3 Ways to Defend Yourself When Charged with Speeding

At one point in time or another, just about everyone has gone over the speed limit, even if only by one mile per hour. That one mile over is enough for a police officer to give you a ticket and bring you to court to pay a hefty fine. Claiming you didn't know what the speed limit was or that you didn't realize you were speeding isn't going to do you any good. However, there are a few defenses that will get you out of paying a burdensome fine for speeding and having points added to your license.

You were legally justified in your speeding.

If you were speeding because of one of the following reasons, you might very well use legal justification as a defense.

  • Self-defense or defending others
  • Necessity
  • Coercion
  • Entrapment
  • Your actions were caused by a law enforcement officer

Imagine looking in your rearview mirror and seeing a police car speeding toward you as it chases another car. You fear for your life and your safety, so you speed to get away from the situation. This is a good defense for speeding in a court of law.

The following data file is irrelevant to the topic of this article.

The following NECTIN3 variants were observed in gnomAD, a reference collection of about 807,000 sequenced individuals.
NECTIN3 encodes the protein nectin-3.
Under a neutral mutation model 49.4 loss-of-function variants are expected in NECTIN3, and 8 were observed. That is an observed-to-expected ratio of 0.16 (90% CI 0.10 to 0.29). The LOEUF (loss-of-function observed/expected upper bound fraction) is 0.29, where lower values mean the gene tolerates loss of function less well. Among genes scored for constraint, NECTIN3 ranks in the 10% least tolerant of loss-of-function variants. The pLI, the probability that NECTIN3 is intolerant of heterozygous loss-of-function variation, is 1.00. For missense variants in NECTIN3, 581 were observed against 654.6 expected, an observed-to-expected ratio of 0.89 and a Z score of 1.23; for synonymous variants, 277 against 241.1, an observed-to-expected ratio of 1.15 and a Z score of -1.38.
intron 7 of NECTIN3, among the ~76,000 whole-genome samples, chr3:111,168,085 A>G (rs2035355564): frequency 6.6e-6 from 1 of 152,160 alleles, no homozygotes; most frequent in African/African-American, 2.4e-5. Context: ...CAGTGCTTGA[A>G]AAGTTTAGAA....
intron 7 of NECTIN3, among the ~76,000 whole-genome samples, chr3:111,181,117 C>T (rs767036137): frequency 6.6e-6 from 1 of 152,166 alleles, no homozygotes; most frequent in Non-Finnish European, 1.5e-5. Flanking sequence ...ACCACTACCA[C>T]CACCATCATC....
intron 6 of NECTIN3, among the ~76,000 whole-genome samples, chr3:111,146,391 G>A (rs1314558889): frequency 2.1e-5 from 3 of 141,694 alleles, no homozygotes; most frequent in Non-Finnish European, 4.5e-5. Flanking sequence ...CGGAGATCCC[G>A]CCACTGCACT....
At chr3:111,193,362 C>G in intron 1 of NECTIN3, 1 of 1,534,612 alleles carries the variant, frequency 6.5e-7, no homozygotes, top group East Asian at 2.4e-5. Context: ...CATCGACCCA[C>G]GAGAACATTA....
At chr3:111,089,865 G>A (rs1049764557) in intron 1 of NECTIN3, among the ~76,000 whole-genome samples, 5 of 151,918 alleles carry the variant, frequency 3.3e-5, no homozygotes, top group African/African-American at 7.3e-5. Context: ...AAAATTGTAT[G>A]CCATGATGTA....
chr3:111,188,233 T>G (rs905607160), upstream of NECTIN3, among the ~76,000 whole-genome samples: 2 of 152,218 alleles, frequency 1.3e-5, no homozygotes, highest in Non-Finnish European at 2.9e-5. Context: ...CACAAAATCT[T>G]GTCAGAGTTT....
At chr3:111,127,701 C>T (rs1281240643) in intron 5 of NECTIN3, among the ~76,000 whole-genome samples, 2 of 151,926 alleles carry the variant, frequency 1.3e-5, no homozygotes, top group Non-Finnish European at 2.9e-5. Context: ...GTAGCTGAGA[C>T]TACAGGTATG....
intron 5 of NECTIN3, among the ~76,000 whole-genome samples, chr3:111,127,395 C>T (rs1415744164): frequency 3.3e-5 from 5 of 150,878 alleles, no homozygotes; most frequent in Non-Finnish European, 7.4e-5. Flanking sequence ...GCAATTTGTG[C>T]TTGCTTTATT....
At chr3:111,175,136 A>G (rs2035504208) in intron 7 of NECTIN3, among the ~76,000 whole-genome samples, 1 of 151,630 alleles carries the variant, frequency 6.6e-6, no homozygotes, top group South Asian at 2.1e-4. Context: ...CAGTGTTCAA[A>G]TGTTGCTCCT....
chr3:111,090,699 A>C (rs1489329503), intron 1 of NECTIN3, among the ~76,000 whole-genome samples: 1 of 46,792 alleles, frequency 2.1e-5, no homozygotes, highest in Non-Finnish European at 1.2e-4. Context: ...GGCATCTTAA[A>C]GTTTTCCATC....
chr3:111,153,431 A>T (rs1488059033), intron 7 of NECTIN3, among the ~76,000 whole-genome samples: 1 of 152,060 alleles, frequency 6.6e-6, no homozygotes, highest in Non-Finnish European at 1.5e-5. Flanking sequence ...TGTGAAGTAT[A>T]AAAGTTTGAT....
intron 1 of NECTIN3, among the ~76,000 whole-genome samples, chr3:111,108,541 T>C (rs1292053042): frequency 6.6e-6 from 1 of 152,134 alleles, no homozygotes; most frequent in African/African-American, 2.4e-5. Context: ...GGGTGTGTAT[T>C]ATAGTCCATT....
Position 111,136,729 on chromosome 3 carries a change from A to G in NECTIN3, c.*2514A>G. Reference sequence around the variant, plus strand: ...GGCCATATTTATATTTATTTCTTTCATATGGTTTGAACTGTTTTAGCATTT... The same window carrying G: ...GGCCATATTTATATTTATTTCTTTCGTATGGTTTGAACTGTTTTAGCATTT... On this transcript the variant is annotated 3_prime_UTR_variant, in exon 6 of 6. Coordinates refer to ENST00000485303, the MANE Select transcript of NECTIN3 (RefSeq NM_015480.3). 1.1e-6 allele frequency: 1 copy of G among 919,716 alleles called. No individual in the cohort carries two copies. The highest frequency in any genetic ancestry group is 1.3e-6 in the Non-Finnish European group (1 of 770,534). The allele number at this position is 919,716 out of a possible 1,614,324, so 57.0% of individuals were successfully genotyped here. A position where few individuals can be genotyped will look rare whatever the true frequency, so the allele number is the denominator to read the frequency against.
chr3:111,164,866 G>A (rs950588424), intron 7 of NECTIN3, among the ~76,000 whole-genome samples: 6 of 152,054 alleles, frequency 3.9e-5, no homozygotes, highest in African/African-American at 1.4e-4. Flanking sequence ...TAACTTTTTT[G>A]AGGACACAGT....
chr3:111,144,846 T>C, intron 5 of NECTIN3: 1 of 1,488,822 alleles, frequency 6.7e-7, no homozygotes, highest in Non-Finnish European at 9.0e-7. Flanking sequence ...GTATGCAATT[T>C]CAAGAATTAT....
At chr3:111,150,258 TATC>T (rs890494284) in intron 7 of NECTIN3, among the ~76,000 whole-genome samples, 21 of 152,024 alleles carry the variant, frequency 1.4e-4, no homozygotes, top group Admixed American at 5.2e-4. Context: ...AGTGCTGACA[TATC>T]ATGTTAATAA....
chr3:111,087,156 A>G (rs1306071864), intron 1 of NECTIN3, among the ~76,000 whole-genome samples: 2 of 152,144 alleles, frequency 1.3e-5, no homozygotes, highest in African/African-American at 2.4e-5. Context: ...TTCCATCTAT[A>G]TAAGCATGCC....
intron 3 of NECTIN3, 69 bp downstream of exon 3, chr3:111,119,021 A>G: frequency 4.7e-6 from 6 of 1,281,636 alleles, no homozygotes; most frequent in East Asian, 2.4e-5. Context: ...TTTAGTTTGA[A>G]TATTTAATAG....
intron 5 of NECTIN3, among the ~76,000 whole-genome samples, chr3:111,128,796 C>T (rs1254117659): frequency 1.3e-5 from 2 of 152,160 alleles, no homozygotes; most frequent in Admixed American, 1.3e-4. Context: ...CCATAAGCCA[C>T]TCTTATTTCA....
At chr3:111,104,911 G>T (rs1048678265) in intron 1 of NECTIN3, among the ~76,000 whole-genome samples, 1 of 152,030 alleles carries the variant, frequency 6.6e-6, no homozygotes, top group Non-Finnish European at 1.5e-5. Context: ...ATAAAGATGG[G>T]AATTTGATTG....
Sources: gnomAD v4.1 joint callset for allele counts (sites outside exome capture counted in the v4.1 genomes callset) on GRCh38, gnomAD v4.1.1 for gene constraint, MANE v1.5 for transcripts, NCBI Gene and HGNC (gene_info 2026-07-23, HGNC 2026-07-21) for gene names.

The driver of your car is unknown.

You cannot be convicted of speeding if the prosecutor cannot prove that you were the one driving the vehicle in question. Identity is only established if the defendant was the one proven to be in control of the vehicle before police arrived on scene or if the defendant stated that they drove the vehicle to a location where it was later found. However, an eyewitness can also testify that you were driving the vehicle on the date in question. It is important that you know what you are dealing with when trying to defend yourself in court.

The officer wasn't in the proper jurisdiction.

Officers have certain areas they can operate in. A police officer for one city cannot wander into another city and start giving people tickets. However, state officers are different, so this is something to bear in mind. The same applies to county officials. They can go anywhere within their county, but they can't start patrolling in other counties and tagging people for speeding. The only exception to the rule is if the officer was in pursuit of an individual and had to follow them into another jurisdiction to apprehend them.

A criminal traffic attorney can help you figure out which defense is going to work the best for you and your case to make sure you are taken care of every step of the way.